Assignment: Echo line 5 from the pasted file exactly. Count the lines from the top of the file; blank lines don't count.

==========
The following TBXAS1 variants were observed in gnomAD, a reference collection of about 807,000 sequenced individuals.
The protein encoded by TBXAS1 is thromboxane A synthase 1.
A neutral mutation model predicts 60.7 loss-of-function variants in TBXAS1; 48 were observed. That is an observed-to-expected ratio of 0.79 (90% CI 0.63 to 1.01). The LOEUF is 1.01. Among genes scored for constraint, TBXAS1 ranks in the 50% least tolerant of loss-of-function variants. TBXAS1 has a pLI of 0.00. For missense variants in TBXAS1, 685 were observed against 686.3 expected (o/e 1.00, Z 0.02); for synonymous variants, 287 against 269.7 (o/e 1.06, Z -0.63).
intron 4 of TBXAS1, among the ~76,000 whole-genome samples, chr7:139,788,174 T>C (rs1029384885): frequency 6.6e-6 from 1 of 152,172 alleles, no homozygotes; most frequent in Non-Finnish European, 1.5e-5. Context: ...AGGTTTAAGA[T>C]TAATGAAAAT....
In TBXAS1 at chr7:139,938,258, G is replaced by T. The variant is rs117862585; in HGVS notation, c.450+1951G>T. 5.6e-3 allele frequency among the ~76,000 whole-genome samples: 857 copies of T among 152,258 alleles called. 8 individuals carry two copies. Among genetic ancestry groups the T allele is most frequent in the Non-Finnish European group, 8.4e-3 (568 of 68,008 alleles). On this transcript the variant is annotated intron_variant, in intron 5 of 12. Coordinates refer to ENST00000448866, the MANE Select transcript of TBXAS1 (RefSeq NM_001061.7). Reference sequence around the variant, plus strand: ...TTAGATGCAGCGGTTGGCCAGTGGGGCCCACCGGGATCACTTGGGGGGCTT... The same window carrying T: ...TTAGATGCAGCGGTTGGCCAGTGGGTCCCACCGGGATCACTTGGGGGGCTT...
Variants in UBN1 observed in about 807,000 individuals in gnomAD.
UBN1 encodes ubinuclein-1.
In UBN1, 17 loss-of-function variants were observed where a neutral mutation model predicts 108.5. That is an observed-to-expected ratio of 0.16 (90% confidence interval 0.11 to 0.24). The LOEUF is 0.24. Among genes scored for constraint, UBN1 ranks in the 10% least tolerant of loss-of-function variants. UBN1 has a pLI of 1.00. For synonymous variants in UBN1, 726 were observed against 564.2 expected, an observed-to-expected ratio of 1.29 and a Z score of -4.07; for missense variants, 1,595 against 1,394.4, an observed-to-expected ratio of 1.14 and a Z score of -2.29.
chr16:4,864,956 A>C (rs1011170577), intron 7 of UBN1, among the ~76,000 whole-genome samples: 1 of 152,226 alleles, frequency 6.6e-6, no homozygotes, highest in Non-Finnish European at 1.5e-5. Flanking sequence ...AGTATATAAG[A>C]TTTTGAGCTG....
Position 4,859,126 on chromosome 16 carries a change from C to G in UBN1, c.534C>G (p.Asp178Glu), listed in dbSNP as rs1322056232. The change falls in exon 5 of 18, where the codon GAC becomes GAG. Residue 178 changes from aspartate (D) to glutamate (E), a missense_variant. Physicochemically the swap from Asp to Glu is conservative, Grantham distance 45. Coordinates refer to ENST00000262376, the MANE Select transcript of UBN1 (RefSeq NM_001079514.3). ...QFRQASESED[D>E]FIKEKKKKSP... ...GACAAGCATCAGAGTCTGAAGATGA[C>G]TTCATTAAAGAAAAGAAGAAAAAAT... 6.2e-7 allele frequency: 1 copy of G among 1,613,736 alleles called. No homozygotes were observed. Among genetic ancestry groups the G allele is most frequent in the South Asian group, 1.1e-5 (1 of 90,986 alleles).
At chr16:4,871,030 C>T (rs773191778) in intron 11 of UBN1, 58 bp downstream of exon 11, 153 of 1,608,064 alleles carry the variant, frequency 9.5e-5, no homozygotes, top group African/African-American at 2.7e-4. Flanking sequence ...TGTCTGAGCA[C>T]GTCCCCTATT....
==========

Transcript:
In TBXAS1 at chr7:139,938,258, G is replaced by T. The variant is rs117862585; in HGVS notation, c.450+1951G>T. 5.6e-3 allele frequency among the ~76,000 whole-genome samples: 857 copies of T among 152,258 alleles called. 8 individuals carry two copies. Among genetic ancestry groups the T allele is most frequent in the Non-Finnish European group, 8.4e-3 (568 of 68,008 alleles). On this transcript the variant is annotated intron_variant, in intron 5 of 12. Coordinates refer to ENST00000448866, the MANE Select transcript of TBXAS1 (RefSeq NM_001061.7). Reference sequence around the variant, plus strand: ...TTAGATGCAGCGGTTGGCCAGTGGGGCCCACCGGGATCACTTGGGGGGCTT... The same window carrying T: ...TTAGATGCAGCGGTTGGCCAGTGGGTCCCACCGGGATCACTTGGGGGGCTT...